The Kraljic Matrix is one of the most effective tools for companies when conducting purchasing management. It is responsible for analyzing and categorizing material and/or service needs from suppliers, considering the risks they pose to the company. In other words, the matrix categorizes supplies according to their strategic importance and negotiation power. It allows identifying improvement opportunities and making informed decisions regarding supply management.
Therefore, it is essential for companies, when defining and implementing a strategic action with a supplier, to be based on the position their supply holds in the Kraljic Matrix. Simultaneously, it will provide information about what the supplier expects from their customer in return.
Before explaining how to apply this tool, let's clarify the methodology and variables it employs.
This matrix works based on two dimensions: on one side, the horizontal axis represents the supply risk (i.e., the availability of the product or service at the right time), and on the other side, the vertical axis represents the strategic importance of the product or service.
As a result, a 2x2 matrix is obtained, consisting of the following four categories:
- Leverage Items: The availability of numerous suppliers and standardized product quality reduce the supply risk and increase the positive impact on the buyer company's profits or results.
- Strategic Items: These items are essential but also risky since they are scarce and have a significant impact on the results.
- Non-Critical Items: Refers to low-risk materials that are easy to acquire and have a limited impact on the financial statements.
- Bottleneck Items: These materials present a high risk due to the scarce availability of suppliers, which can create a market dependence on a single dominant supplier. Although their impact on the results is low, their acquisition can be critical due to their specialization.
How to Apply the Kraljic Matrix in Supply Management?
Strategies for the Categories of the Kraljic Matrix
- Leverage Items: Although these goods have a significant financial impact on the organization, they are widely available in the market. The typical strategy is to negotiate frequently and actively with the supplier to obtain the best service and the lowest price.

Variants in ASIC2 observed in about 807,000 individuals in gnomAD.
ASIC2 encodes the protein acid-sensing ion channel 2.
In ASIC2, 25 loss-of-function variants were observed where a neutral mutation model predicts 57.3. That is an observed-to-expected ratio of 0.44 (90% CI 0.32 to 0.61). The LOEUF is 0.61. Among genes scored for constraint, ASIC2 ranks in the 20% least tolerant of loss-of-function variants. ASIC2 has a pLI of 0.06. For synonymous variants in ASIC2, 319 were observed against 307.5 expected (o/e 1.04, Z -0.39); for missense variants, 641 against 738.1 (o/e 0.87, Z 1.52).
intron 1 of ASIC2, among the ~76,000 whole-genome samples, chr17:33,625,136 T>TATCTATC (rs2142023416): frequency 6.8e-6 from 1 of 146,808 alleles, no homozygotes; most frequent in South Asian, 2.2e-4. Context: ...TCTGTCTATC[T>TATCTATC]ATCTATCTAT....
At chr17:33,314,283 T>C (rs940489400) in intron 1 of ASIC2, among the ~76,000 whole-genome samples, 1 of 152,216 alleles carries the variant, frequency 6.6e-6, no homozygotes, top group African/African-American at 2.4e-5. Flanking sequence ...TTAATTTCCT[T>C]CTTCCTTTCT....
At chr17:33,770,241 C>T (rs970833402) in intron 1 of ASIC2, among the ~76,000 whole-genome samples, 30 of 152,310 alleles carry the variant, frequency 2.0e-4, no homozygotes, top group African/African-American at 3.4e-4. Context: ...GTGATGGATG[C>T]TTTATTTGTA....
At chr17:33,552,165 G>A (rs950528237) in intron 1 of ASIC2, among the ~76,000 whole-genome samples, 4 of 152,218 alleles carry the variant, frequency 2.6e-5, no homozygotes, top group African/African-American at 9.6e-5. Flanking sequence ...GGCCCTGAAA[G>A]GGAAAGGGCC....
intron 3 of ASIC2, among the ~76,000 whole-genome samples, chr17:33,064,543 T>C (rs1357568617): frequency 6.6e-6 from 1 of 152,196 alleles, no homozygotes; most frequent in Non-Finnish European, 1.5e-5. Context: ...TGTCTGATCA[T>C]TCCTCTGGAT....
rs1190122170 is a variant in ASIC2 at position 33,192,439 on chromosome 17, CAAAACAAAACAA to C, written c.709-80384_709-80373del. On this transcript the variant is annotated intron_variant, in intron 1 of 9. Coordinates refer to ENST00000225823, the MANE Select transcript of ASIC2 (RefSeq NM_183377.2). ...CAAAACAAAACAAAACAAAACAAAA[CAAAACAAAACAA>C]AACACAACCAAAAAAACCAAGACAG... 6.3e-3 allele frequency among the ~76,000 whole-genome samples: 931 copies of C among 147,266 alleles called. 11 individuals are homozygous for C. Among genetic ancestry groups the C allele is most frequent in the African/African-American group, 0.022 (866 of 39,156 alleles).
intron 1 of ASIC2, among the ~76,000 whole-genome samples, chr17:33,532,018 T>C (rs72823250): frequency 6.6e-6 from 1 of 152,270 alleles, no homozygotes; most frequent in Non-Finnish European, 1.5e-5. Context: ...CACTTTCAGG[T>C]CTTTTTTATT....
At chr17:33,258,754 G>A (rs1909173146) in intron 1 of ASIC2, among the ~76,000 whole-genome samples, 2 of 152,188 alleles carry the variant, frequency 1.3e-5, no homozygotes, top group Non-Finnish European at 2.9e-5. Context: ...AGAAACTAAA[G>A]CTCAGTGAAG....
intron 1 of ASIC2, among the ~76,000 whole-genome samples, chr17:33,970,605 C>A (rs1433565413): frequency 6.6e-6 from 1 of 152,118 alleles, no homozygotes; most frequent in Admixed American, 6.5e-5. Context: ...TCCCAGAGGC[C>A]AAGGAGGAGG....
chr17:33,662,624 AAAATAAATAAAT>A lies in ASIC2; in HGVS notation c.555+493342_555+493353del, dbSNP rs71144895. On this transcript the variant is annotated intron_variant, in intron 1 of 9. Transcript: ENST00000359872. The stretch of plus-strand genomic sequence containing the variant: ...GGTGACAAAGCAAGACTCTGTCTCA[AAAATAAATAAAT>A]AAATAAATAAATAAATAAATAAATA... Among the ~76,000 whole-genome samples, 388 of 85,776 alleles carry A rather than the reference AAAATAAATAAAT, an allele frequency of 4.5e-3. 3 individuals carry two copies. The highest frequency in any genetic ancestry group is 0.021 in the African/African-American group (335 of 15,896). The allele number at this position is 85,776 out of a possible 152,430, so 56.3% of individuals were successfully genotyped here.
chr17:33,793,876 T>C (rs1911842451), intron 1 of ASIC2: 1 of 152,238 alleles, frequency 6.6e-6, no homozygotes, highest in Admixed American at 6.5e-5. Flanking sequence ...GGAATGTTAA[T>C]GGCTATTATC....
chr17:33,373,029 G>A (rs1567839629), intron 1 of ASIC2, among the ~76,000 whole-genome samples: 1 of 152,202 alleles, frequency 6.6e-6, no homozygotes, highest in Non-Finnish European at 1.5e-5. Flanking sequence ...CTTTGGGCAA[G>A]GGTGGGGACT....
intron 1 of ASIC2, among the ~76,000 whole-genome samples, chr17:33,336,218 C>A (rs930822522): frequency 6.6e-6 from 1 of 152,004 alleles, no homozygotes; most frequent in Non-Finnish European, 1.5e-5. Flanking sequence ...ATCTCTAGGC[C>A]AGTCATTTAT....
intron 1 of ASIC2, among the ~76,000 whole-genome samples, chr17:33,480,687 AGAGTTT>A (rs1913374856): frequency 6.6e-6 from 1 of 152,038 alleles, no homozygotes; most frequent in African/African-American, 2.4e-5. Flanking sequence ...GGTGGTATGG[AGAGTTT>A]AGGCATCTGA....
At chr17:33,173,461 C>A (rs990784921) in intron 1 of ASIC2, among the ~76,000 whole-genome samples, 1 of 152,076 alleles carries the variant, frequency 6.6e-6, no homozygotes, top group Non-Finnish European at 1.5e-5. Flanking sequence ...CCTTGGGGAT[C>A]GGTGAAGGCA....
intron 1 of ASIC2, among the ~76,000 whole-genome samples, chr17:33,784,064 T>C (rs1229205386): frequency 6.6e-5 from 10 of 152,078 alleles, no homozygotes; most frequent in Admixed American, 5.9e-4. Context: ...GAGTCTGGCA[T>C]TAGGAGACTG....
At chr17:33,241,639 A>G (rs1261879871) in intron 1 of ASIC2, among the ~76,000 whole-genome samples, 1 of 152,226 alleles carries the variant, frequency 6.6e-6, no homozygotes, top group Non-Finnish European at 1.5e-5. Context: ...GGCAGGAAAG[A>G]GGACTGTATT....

- Strategic Items: These products or services are scarce, meaning they are only available through a limited number of suppliers. Their acquisition has a significant financial impact on the organization. As a result, buyers often resort to strategies such as alliances, long-term contracts, joint partnerships, vertical integration, and make-or-buy decisions to address this situation.
- Non-Critical Items: They have minimal financial impact on the organization and are widely available through multiple suppliers. The most common purchasing strategies for these products include outsourcing, Business Process Outsourcing (BPO), decentralized purchasing processes, etc. The focus is on streamlining administrative purchasing processes to carry them out as quickly as possible.
- Bottleneck Items: Generally, these items have little financial impact, but their main problem lies in the fact that they are only available through a very limited number of suppliers. To address this situation, the most common acquisition strategies include delivery or payment contracts (DOP), maintaining inventory with safety levels, substituting imported products with local alternatives, developing new suppliers, and product standardization.
The Kraljic matrix represents a valuable tool for the seller as it allows them to anticipate buyer objections. If you want to achieve real performance improvement in your company, it is essential to consider your commercial portfolio and analyze in which specific quadrant each product or service would fit. This way, you can adopt appropriate strategies for supply chain management and maximize your results.